Josh mention he saw a TikTok about freelancers -- when a freelancer says I'm busy all the time, they recommend to double your fees. You'll be half as busy, but make the same amount of money. Even if Dave ups the fees, they'll churn out quick. That will be so ugly, short term. People may freak out over the the user growth and your cohorts will look ugly over the period of time. You'll have really bad churn, but they'll be making more money and hopefully getting to better economics.
Or, Dave needs to upsell in other areas and add in more tools. "Then the question is, now that you're doing more marketing and product development, are the board and investors going to be willing to sit with the time that it takes to add another product? Are they going to have to buy a company?" Liggett asked.
BNPL moving into banking
Shifting gears, Zack recently spoke to the head of risk at Affirm. "Affirm doesn't see itself as a BNPL company. It's a consumer finance company and BNPL was just one leg into it," said Zack. When a consumer goes shopping, Affirm wants to be the financial institution that supports those rails, from payments, to returns to logistics, all that kind of stuff. That's what you see most of the BNPL companies moving into. For consumers, BNPL providers become a sort of primary bank relationship. With a built-in revenue model, they make money as they do this. Is it just a better model than challenger banking?
But with some many options in the market, Josh pointed out people still stick with their original bank account they opened when they were younger. There seems to be some fatigue in the market with so many choices.
DeFi in the financial services industry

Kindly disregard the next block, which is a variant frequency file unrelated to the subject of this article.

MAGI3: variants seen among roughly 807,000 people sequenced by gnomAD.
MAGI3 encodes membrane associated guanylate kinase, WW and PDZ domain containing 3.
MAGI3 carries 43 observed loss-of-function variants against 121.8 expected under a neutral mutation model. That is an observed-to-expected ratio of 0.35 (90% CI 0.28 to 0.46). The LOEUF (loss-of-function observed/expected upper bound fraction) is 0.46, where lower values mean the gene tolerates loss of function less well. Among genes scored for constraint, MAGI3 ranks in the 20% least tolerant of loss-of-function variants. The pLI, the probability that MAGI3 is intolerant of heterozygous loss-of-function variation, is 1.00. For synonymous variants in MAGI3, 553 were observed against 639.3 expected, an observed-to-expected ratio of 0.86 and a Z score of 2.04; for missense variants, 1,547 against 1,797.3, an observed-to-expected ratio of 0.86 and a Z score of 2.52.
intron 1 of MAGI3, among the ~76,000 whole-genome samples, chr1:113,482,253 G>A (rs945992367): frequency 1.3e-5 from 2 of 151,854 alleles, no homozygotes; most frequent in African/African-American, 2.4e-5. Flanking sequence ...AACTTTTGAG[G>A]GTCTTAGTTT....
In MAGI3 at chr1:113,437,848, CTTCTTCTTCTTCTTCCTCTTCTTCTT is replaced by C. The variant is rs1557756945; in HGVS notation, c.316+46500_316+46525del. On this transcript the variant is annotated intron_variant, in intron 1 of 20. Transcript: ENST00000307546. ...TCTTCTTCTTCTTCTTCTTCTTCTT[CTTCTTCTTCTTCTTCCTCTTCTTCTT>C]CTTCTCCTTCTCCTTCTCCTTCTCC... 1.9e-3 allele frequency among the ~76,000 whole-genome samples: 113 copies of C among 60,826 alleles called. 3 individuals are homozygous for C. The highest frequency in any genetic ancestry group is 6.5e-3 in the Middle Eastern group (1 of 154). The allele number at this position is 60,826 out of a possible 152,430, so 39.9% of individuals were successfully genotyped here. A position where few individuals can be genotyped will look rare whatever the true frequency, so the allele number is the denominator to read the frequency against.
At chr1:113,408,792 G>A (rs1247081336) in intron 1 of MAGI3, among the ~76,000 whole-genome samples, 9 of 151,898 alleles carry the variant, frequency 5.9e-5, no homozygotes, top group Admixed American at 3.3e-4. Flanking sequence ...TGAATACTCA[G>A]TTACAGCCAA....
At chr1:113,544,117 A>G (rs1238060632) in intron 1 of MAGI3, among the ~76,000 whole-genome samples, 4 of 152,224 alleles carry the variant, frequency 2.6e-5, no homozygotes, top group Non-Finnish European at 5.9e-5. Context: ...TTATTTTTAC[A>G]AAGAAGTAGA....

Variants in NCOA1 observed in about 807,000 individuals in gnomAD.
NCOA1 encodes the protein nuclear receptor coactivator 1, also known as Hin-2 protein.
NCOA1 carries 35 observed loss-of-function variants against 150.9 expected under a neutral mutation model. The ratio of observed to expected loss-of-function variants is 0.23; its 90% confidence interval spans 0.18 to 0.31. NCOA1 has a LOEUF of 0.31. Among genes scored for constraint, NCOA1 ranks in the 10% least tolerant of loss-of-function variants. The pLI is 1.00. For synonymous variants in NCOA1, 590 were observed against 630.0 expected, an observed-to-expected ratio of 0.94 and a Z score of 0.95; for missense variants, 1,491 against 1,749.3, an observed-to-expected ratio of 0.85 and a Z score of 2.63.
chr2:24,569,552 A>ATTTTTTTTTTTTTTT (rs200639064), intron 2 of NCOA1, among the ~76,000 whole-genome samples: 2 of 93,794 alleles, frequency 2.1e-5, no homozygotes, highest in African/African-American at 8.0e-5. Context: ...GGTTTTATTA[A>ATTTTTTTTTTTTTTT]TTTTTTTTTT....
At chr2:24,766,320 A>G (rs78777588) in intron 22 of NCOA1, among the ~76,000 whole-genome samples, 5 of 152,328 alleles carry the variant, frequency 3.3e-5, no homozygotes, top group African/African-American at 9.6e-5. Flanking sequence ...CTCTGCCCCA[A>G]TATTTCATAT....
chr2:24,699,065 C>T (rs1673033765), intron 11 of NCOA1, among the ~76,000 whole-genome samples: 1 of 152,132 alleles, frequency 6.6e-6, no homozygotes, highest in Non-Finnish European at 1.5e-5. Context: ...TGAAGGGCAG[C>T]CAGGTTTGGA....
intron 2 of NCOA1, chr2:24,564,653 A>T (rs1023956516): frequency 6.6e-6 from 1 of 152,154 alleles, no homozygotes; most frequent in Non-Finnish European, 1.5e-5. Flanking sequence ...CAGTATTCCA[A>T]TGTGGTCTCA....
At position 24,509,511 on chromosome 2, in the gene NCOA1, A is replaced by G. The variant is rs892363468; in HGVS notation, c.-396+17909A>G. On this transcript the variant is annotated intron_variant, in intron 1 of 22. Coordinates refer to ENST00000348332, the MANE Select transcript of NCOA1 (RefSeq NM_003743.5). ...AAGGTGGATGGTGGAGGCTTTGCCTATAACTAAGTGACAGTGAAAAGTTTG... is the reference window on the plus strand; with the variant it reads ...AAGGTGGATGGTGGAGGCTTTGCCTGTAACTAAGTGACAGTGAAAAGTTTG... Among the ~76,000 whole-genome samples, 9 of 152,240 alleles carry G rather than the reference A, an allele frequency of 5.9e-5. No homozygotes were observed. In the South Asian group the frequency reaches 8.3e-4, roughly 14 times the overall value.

Josh moderated a panel at Tel Aviv FintechWeek about DeFi. The title was 'Banks versus Blockchain'. The panel had one person from a bank in Israel, one person from a bank in the UAE and then three startups: one working in wallets, another in custody, and one creating smart contracts and stuff like that.
Everyone agreed that it's not DeFi versus banks -- it's banks and DeFi. "What's missing for mainstream adoption of DeFi are three magic letters of KYC and the other three of AML, which is why a lot of banks are hesitant to touch blockchain," said Liggett.
This conference was on a Tuesday in Tel Aviv, downstairs at the Tel Aviv Stock Exchange, with a couple hundred people at 10 in the morning at a panel about DeFi. You had to make an effort to get there. "I asked how many people here have used staking or liquidity pools or decentralized exchanges, whatever -- how many in the crowd have actually participated? Four people raised their hands," he said.
What's Apple up to with Credit Kudos?
Cornerstone's Ron Shevlin said people were basically thinking there were four options: Apple will launch Card in the UK, get into BNPL, launch A2A payments, or an acquihire. He ultimately said that he didn't think it was any of those four things, but that Apple was either building out a digital ecommerce system, like Square and Klarna have, or improving its data management analytics capability.